Spin - "[T]he music creates so much space for Lanza to work her own vocal magic, sounding exponentially more assured and adventurous than before....Lanza's increased confidence provides so much more color on OH NO..."
NME (Magazine) - "Lanza's reliance on a soft '80s groove layered with funk-rooted electronica is pure Paisley Park, and her lush, airy vocals float like candyfloss across the top of it all."
Clash (magazine) - "Driven by crispy drum machines and shimmering synths, Lanza's second full-length Hyperdub offering is instantly more direct and relatable than its predecessor; cloudy reverb is replaced by sheeny production."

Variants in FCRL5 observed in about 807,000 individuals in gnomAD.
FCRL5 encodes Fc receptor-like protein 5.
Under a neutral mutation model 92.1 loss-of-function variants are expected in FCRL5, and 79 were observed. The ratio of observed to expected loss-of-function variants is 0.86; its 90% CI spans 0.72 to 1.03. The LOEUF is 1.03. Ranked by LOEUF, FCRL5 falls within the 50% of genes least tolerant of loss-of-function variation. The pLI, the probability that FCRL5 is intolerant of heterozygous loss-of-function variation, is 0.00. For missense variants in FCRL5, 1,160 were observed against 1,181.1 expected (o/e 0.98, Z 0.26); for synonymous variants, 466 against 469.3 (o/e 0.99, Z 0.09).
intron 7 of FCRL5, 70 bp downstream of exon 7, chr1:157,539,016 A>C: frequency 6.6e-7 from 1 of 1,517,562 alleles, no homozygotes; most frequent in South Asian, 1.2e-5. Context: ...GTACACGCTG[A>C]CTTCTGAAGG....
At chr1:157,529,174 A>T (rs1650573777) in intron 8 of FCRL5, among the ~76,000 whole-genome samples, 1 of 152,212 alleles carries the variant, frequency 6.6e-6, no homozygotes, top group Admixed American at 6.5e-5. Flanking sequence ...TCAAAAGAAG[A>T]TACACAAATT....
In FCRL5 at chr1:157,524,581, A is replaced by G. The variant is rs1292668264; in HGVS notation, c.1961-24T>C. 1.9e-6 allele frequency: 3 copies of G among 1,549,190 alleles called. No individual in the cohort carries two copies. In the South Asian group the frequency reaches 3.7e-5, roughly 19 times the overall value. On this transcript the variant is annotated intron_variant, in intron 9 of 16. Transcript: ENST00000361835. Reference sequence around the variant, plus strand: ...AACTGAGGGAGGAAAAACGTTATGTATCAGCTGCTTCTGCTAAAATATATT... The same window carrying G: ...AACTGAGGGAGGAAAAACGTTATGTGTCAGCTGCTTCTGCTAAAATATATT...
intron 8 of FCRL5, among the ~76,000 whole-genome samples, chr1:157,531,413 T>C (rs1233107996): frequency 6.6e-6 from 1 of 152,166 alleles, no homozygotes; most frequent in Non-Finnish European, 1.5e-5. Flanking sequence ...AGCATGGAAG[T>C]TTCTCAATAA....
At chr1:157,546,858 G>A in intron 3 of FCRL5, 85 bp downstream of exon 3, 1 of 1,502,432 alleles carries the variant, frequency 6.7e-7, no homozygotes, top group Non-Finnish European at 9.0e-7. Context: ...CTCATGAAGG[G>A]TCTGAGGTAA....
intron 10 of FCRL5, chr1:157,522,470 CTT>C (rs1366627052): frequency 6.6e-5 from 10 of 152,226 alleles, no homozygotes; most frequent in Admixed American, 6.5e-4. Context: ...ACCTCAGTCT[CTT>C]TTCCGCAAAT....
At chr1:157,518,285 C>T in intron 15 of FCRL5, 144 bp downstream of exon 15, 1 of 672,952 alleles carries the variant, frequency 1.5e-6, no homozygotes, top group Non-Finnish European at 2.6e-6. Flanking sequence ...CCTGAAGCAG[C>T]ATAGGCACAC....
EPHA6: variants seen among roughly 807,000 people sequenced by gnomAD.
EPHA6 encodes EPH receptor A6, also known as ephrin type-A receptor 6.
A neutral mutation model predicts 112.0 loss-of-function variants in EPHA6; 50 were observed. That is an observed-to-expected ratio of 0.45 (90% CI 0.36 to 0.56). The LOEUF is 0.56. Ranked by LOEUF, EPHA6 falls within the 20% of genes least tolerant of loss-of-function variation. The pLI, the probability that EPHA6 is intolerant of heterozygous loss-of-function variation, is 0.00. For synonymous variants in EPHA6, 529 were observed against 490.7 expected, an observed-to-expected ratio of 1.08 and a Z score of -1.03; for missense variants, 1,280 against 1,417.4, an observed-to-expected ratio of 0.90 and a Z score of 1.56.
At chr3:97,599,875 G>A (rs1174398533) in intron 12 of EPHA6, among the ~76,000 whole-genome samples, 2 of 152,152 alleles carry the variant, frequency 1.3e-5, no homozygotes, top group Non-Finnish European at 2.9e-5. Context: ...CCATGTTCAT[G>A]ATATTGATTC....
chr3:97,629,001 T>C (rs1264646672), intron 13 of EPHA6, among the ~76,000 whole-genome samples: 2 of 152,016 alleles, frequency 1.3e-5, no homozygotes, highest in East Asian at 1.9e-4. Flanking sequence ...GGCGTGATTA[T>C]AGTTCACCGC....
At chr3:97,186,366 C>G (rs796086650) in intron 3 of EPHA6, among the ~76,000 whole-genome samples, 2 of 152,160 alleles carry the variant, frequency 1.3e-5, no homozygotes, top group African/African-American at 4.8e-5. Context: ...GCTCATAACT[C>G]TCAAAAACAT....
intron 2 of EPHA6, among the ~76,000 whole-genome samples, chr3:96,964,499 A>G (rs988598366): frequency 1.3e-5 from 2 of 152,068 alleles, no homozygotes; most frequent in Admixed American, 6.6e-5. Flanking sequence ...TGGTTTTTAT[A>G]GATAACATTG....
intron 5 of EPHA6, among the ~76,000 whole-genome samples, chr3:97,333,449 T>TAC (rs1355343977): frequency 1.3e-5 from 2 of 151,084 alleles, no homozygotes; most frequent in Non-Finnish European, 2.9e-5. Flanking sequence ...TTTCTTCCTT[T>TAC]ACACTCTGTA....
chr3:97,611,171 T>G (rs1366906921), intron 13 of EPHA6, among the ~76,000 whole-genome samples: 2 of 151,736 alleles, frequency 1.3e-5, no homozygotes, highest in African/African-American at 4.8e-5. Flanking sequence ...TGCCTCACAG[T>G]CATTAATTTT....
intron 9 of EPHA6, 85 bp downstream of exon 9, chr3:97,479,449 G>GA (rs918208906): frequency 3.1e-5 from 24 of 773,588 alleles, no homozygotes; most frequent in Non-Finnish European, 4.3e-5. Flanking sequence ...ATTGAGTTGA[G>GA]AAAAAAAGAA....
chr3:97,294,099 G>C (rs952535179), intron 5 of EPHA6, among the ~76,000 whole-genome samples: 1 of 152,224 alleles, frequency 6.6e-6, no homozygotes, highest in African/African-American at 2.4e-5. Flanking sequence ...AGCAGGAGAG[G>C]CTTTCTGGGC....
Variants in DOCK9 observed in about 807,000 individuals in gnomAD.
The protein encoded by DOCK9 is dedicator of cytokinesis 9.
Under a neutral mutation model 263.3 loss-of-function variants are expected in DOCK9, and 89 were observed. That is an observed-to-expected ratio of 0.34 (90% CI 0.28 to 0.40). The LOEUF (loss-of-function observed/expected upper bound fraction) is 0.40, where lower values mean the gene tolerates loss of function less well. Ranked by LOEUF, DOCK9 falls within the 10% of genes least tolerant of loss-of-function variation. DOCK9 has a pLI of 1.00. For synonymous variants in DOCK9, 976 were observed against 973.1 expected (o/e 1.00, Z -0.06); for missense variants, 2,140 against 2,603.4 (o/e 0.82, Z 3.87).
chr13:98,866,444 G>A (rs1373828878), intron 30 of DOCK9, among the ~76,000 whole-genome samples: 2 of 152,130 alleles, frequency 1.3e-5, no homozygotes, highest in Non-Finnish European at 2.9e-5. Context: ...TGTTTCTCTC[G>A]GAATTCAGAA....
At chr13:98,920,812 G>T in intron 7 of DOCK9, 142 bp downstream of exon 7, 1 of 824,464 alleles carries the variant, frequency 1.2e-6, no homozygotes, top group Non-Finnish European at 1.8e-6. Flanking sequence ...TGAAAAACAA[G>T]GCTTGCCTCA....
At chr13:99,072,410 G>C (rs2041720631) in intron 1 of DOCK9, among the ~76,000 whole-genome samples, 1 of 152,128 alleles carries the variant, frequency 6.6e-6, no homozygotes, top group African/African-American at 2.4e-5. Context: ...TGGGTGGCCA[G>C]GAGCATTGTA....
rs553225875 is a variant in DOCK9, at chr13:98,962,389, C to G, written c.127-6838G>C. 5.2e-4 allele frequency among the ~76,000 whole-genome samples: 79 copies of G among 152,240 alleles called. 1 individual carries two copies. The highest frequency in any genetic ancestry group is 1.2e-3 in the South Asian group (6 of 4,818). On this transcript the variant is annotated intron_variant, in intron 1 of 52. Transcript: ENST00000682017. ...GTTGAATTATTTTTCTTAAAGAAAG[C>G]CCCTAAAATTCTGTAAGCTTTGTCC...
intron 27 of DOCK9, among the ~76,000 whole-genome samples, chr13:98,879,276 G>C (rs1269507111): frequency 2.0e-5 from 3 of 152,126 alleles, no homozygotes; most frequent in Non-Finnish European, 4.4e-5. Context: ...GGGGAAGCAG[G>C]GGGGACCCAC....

The zest Jessy Lanza exhibited as the vocalist on "Calling Card" (2015), a note-perfect freestyle throwback produced by Morgan Geist as the Galleria, carries into the singer, songwriter, and producer's second Hyperdub album. Her first one, the relatively softly lit and slowly paced Pull My Hair Back, had only slight flashes of frisky energy. One listen to the more pop Oh No makes her initial tentativeness behind the mike, however effective, seem all the more apparent. Here, beside Junior Boys' Jeremy Greenspan, with whom she also made the debut, she increases the tempo and lengthens the stylistic reach. Having cited Yellow Magic Orchestra and some of that group's early-'80s satellite projects -- Miharu Koshi's Tutu being the most relevant -- she and Greenspan refract techno-pop in their own way while binding additional forms of electronic post-disco that cross four decades, from boogie to juke. The title track is the album's most exceptional moment, a tumbling scramble of panning percussion, keyboards that flicker and glimmer, and Lanza's breathy, flirty voice -- for Lanza, "Oh No" appears to be as coy a title as "Oops (Oh My)" was for Tweet. That sense of affectionate levity is threaded through all the upbeat tracks, including the swift and spacy neo-electro highlight "VV Violence," the sparkling "Never Enough," and the animated part-juke come-on "It Means I Love You." Lanza's high voice, neither squeaky nor chirpy, is as much of a draw as the highly detailed productions. The ballads are as vivid and either match or surpass the best of Pull My Hair Back. On some progressive radio station in a parallel universe, the searing "I Talk BB" and "Begins" -- echoing bass drums, handclaps, and falsetto sighs galore -- duked it out with Junior Boys' "C'mon Baby" as 2016's most requested slow jam. ~ Andy Kellman